Elderly Exercise and Why it Matters – The Complete Guide

As we get older we’re told it’s important to keep exercising but just what does that mean and how should we be doing it? Elderly exercise is a complex subject and it’s not always clear what you should be doing to look after yourself or your loved one. In this guide, we’ll cover why you should be exercising, how to exercise in various scenarios and how it doesn’t need to be a burden.

Chapter 1: Why do the Elderly Need to Exercise?

People who exercise tend to have improved immune and digestive functioning, better blood pressure and bone density. In addition; a lower risk of Alzheimer’s disease, diabetes, obesity, heart disease, osteoporosis, and certain cancers. These risks can also be lowered with a balanced and healthy diet

Staying active is easy and can be done no matter what your situation is. Of course having some mobility problems can make it more difficult. But that doesn’t mean it is impossible to still exercise.

NHS Exercise Recommendation for the Elderly

Elderly adults should do some type of physical activity every day. Any type of activity is good for you. The more you do the better.

Adults aged 65 and over should:

  • aim to be phyically active every day. Any activity is better than none. The more you do the better, even if it’s just light activity
  • do activities that improve strength, balance and flexibility on at least 2 days a week
  • do at least 150 minutes of moderate intensity activity a week or 75 minutes of vigorous intensity activity if you are already active, or a combination of both
  • reduce time spent sitting or lying down and break up long periods of not moving with some activity

If you’ve fallen or are worried about falling, doing exercises to improve your strength, balance and flexibility will help make you stronger and feel more confident on your feet. The NHS also recommend speaking to your GP if you have any concerns about exercising.

Chapter 2: How Can I Exercise?

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Light Activity

Light activity is moving rather than sitting or lying down.
Examples of light activity include:

  • getting up to make a cup of tea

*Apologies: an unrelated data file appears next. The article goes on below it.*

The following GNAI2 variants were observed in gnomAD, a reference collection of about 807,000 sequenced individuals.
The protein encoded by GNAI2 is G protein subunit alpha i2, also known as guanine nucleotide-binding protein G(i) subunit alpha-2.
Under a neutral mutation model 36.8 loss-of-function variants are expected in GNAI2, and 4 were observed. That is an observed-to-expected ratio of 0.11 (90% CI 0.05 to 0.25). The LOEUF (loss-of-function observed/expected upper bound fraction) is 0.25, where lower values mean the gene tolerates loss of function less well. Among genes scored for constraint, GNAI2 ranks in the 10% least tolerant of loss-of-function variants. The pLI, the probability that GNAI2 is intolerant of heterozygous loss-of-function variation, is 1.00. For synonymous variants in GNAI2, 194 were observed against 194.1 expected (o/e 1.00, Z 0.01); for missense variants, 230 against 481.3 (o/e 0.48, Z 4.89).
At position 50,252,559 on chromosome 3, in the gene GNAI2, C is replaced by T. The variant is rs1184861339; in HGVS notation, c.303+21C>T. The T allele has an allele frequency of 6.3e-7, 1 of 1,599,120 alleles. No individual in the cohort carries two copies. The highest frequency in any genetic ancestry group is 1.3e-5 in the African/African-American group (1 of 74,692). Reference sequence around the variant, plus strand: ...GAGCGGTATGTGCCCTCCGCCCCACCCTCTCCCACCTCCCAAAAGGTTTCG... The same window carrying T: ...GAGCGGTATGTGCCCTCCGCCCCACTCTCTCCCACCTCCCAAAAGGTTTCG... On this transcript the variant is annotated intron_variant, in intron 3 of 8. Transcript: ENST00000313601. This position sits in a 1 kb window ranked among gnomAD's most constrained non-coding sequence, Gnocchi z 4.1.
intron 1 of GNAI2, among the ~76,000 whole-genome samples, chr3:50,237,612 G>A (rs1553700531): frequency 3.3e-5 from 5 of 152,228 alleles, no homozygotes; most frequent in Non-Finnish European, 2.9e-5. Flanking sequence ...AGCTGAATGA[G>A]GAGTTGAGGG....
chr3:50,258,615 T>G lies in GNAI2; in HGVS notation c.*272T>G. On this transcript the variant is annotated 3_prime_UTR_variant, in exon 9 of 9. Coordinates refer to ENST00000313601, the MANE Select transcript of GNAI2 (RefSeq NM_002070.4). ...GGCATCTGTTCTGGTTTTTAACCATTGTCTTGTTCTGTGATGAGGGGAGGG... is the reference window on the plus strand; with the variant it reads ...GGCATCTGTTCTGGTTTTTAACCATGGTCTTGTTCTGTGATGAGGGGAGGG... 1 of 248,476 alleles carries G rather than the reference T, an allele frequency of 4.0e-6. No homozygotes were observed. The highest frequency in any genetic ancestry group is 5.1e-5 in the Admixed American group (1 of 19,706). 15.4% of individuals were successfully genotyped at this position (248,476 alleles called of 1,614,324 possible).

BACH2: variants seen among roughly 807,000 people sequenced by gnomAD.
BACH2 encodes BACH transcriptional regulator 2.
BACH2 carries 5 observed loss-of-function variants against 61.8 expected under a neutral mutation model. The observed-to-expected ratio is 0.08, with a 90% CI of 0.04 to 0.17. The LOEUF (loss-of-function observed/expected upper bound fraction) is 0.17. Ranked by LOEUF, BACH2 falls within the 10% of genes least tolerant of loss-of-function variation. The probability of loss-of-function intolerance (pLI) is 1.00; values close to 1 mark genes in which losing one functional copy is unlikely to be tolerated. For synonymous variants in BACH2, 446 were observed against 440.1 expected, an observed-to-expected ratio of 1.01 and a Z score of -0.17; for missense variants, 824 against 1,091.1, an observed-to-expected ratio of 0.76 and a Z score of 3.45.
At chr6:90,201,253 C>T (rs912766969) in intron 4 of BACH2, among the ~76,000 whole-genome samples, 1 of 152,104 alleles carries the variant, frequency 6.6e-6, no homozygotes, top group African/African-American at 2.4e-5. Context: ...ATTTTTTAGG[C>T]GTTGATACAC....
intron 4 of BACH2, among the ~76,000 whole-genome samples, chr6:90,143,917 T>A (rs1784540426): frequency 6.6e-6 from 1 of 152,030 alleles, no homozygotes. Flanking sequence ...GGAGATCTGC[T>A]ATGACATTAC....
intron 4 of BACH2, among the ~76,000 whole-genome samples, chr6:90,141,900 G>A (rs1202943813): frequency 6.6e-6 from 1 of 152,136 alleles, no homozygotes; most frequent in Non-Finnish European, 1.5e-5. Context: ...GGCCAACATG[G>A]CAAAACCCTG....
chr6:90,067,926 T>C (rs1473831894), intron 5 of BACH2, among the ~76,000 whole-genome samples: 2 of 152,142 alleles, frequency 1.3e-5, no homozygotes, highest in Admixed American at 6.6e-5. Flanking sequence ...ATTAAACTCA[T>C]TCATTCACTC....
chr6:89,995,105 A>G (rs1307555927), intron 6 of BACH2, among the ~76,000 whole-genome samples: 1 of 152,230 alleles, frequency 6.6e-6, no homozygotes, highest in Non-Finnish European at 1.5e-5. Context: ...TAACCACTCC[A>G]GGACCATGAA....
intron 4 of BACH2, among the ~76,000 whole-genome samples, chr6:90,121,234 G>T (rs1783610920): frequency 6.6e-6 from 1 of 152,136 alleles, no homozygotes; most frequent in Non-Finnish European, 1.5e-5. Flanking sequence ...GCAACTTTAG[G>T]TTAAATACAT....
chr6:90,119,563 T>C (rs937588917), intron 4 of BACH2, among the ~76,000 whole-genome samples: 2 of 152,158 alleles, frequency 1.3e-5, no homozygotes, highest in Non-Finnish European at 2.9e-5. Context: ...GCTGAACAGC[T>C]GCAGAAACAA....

• moving around your home
  • walking at a slow pace
  • cleaning and dusting
  • vacuuming
  • making the bed

Moderate Aerobic Activity

Moderate activity will raise your heart rate, and make you breathe faster and feel warmer. One way to tell if you’re working at a moderate intensity level is if you can still talk, but not sing.

Examples of moderate intensity activities:

  • brisk walking
  • water aerobics
  • riding a bike
  • dancing
  • doubles tennis
  • pushing a lawn mower
  • hiking

Vigorous Intensity Activity

Vigorous intensity activity makes you breathe hard and fast. If you’re working at this level, you will not be able to say more than a few words without pausing for breath.

In general, 75 minutes of vigorous intensity activity can give similar health benefits to 150 minutes of moderate intensity activity.

Most moderate intensity activities can become vigorous if you increase your effort.

Examples of vigorous activities:

  • jogging or running
  • aerobics
  • swimming fast
  • riding a bike fast or on hills
  • singles tennis
  • football
  • hiking uphill
  • energetic dancing

Limited Mobility

Since people with disabilities or long-term injuries have a tendency to live less-active lifestyles, it can be even more important for you to exercise on a regular basis.

According to the U.S. Department of Health and Human Services, adults with disabilities should aim for:

At least 150 minutes a week of moderate-intensity, or 75 minutes a week of vigorous-intensity cardiovascular activity (or a combination of both), with each workout lasting for at least 10 minutes.
Two or more sessions a week of moderate- or high-intensity strength-training activities involving all the major muscle groups.
If your disability or injury makes it impossible for you to meet these guidelines, aim to engage in regular physical activity according to your ability, and avoid inactivity whenever possible.

Workouts for upper body injury or disability
Depending on the location and nature of your injury or disability, you may still be able to walk, jog, use an elliptical machine, or even swim using flotation aids. If not, try using a stationary upright or recumbent bike for cardiovascular exercise.